The Fuse 1 and Form Cell: Putting the Means of Production in Your Hands


Yep, that’s correct! The chamber starts more or less empty and powder is deposited layer by layer during the print. Powder will only fill to the height of the object.


Justs the thought of getting PEEK parts out of an SLS machine the size and price of the Fuse 1 gives me the chills…


Hopefully there is enough headroom for the chamber temperature for PEEK. It would probably print fairly slow because of the higher temp compared to Nylon.

There are also some new Nylons/PEEK materials out there that may be some where in between.


3 questions:

  1. What is the maximum part size going to be? When looking at existing SLS machines I’ve noticed that the maximum part size is quite a bit less than the build chamber size. I’m assuming this is due to part shrinkage which is compensated for by the fuse 1 software.

  2. What is the volume of the powder? For example, how many cubic inches can be filled with 2 kg of powder? I’m trying to guess what the cost to print various height parts will be. I realize powder cost has not yet been released but I can guess based on current market prices.

  3. When build is complete and chamber is removed from printer, can parts be removed immediately? Or does chamber need to cool before parts can be removed? If it needs to cool, how long?


You should check out the Fuse 1 Tech Specs page which has a bit more information that you might find useful.

  1. The build volume is 165mm x 165mm x 320mm. Part shrinkage is taken into account for this value and is compensated for such that the final parts are dimensionally accurate.
  2. We’re not quite ready to release powder properties yet, but the Fuse 1 will be shipping with PA11 and PA12.
  3. There is a cool down period after printing whereas the chamber slowly returns to ambient temperatures. The cool down period is currently set to be 50% of the printing time though that can change.


I understand that shrinkage is accounted for in the final model. If the build volume is 165mmx165mm then I assume maximum part size is approx. 132mmx132mm or a bit less? Shrinkage for existing machines is a good 20% or more depending on the type of nylon used. Or is the actual build volume more than 165mmx165mm so that final part sizes can be this measurement?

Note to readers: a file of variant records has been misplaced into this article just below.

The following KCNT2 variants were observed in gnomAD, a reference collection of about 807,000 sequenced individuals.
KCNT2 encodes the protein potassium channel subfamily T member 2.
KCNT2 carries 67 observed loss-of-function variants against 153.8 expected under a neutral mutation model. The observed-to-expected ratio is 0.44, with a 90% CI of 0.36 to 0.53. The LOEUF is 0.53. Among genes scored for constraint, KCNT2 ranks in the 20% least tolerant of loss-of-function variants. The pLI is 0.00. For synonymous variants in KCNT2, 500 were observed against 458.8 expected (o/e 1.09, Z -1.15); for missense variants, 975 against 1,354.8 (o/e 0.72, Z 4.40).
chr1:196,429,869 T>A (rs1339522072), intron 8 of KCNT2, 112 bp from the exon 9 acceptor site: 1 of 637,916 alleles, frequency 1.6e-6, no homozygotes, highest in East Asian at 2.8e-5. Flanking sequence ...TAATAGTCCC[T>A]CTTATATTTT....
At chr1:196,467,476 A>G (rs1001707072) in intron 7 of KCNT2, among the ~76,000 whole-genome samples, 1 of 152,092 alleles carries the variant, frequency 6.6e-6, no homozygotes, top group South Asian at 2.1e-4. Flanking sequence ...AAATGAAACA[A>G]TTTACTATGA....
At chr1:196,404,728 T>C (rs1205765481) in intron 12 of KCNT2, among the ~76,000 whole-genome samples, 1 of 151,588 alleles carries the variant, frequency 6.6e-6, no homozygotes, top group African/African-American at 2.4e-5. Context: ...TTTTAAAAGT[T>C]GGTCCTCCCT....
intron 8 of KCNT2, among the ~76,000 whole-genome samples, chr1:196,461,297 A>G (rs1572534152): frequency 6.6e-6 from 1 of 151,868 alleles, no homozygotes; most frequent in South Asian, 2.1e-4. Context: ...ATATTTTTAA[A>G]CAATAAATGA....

1. I have been led to believe that the dimensions of the build chamber will accommodate a part up to the maximum dimensions listed in their specifications sheet. I will be very disappointed if the maximum part size is substantially less…Hopefully this can be clarified soon.

  2. Based on the build volume of 165mm x 165mm x 320mm (assuming this is also the volume of the build chamber) the total volume is approximately 8.7 liters.or approximately 0.69 liters for every inch of build height.
    I have heard that materials are likely to be priced at $80 - $120 per Kg. This would mean that printing 1 inch in Z would cost between $55 - $83 and printing the entire volume (in Z) would be $696 - $1044.
    When you consider that a full volume build can be completed in less than 30 hours with a 15 hour cool down, then it would be possible to complete 16 builds in a month with a cost in materials ranging from just over $11k to almost $17k not including tax and shipping fees.

I think this is really pretty impressive and also enforces the need to utilize all of the available build space on each build. I was happy to read that Formlabs is incorporating a robust packing algorithms into preform to better utilize available space.

The Fuse seems to be targeted for manufacturing and for those that produce a volume of smaller parts, it seems it will be able to deliver an impressive volume each month.


Is there any info on the Nylon powder being used like an SDS sheet? Any info on how much dust will be in the air from operating the machines. My company has ordered two of the Fuse’s. I would like to put them in my office but I don’t know if that will be possible due to the dust.


That’s not how this works.
That’s not how any of this works.

First, you can’t guarantee two resins would mix homogenously.
Second, photoactivators aren’t picky - you can’t get it to start polymerization of just one resin in the mix.
Third, even if you could, you can’t have polymer chains going through another media (second resin).
And fourth, even if none of this were the case, what would cure the support resin that’s part of the mix (still) in non-support areas? You’d need two passes for every layer except support ones.